What To Do When You Can't Get Arrested

Yesterday I had lunch with three lawyer friends, though this was only by happenstance, since I'm not under indictment or anything. "It ain't illegal, blogging without a license," she said, slipping into her best gun moll. "Leastwise not last time I checked, copper."

One of the high-powered legal minds at the table sized up the cool character I've resuscitated here. "We're still behind the dream, but we're starting to worry about you now," he said. I'm not sure who "we" are but part of me was glad to hear there's more than one of you out there.

The other part paused to consider my becoming a cause for concern to an officer of the court. I guess in a world where the rules are made clear with a firm bang of the gavel, my Hollywood life must read like a senseless crime spree. The rival who needs to go down, the agent somebody ought to take out of the game. The tip-offs, the drive-ons, the package deals that blew up.

If I were a lawyer, I'd become death row qualified, which I only learned recently is a thing. I would be Marcia Clark, had things have gone differently, only way more kick-ass. I'd have won the big case before cashing in with a series of gritty novels in which I am the thinly veiled (and thinner and veiled) heroine.

The corporate types talking tortes at the table don't get my addiction to the real life case all over the airwaves lately concerning that small-town waitress who slashed her boyfriend's throat after a nooner gone bad. That's when I hit the whole lot of louts with the lowdown on film noir. It's the bulldog Bogie of Maricopa County, see, opposite the busty black widow playing victim in the hot seat. I might have a secret crush on the dead guy done wrong; and a soft spot for the hard-boiled detective with the sweet-spoken voice.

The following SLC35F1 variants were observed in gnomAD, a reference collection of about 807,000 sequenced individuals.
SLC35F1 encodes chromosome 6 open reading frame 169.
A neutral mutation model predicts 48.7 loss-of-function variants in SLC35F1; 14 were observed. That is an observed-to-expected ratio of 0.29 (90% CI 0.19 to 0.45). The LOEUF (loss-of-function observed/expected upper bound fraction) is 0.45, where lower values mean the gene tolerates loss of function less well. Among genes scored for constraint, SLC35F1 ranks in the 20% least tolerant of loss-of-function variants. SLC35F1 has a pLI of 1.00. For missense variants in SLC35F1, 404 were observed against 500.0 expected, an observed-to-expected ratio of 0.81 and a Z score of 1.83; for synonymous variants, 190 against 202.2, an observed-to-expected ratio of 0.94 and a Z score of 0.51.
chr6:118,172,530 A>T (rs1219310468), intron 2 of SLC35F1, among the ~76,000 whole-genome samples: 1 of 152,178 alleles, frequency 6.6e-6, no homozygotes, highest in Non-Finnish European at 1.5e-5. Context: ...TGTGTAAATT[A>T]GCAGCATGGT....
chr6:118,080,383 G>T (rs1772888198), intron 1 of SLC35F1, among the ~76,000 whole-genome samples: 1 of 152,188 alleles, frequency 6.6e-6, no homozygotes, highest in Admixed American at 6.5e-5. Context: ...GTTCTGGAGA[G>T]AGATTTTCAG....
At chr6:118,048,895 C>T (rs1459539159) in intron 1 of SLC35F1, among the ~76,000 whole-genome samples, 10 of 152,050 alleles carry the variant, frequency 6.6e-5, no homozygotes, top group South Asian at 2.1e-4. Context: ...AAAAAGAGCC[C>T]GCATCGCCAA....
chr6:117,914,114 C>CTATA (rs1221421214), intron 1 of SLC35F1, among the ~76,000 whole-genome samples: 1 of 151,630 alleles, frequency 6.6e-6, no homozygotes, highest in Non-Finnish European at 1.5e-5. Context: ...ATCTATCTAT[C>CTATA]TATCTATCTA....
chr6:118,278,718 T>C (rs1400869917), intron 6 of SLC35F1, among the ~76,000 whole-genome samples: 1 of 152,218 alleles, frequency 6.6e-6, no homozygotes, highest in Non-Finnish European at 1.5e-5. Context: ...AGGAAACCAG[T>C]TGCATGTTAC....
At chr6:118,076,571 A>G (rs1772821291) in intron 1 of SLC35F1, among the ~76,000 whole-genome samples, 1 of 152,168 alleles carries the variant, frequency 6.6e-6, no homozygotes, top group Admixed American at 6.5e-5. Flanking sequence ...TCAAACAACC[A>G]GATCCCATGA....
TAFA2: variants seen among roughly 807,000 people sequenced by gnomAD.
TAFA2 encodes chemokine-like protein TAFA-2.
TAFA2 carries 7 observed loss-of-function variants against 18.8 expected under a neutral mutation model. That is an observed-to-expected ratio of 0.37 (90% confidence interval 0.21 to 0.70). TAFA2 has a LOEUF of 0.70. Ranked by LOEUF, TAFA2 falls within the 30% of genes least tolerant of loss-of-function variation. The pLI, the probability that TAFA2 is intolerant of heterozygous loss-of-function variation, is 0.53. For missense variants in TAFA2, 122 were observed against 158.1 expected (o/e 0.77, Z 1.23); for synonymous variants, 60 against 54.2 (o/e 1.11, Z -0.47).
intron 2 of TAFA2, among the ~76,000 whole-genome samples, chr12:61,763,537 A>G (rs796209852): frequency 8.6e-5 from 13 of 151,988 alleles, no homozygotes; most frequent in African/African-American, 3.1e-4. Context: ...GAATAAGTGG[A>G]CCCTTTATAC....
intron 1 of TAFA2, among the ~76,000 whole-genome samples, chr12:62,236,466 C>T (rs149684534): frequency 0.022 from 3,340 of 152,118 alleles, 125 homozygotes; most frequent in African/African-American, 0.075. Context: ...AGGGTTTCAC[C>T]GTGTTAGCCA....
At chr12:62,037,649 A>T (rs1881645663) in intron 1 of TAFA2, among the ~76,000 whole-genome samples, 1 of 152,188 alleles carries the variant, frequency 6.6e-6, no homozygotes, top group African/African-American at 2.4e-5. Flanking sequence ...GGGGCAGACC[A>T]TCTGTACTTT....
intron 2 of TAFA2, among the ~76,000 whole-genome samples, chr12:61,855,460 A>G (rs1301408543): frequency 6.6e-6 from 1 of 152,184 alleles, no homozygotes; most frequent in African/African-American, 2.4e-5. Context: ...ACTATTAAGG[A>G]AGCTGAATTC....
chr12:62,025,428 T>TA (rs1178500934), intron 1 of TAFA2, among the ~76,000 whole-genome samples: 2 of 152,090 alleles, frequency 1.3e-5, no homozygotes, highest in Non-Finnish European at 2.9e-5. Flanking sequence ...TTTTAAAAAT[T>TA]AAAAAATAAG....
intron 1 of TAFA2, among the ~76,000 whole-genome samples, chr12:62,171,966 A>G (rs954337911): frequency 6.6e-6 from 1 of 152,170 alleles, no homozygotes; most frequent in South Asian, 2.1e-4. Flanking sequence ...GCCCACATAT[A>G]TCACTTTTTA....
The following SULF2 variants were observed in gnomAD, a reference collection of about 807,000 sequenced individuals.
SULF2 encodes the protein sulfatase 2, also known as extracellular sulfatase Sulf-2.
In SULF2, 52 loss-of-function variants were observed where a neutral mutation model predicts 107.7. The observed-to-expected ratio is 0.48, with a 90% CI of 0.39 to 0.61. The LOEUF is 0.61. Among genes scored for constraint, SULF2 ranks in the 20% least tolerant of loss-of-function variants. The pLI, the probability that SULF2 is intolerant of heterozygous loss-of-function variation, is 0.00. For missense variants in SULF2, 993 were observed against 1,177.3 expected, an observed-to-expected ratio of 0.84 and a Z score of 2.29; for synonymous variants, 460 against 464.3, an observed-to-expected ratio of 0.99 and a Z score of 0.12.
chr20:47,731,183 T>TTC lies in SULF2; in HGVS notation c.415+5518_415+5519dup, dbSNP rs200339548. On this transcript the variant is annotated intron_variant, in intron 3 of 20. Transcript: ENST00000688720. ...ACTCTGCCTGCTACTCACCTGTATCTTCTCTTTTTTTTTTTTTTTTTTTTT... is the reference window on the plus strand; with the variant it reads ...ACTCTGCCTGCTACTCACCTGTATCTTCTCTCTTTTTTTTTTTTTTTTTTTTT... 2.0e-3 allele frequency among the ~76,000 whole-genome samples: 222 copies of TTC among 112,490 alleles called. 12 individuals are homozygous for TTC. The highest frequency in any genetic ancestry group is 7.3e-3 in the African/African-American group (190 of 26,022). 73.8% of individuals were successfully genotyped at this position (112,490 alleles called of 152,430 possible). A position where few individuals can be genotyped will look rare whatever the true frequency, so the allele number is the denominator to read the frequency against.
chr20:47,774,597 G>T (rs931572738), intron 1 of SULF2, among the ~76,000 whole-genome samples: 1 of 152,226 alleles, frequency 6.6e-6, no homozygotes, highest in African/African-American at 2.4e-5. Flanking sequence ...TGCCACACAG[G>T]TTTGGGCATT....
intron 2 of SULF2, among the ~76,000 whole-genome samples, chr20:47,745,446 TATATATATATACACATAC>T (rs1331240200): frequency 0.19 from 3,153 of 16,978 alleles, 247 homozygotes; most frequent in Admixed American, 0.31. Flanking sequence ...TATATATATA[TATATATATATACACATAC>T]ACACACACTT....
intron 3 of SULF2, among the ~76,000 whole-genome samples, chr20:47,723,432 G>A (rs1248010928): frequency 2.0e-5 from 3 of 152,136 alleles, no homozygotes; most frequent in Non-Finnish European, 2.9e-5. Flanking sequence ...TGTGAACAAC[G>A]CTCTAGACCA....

If only my characters felt that conflicted and raw. While the long romance between Hollywood and criminal justice is a natural, live trial watching makes my own stories feel so flimsy. The book that didn't sell, the call that never came, the backbiting former film students meeting my recent work with the grim silence of a candlight vigil. Really, where are the stakes anymore? What happened to the handcuffs? Shut up and get a job, sister, before you get popped in the kisser.

As I slinked out of the joint, I asked the big lugs to "like" a gal now and again -- be a peach and toss her a "follow." I clicked off in my high heels while anybody but me picked up the check. Things have yet to become fatale, but you can still count on Julie to assume the role of the femme.


  1. Bryan B.10:33 AM

    My typewriter doesn't have a "like" key or a "follow" key. Where are they?

  2. Hi Bryan, thanks for reading and I hope you recommend me to the rest of your class as well as your mommy.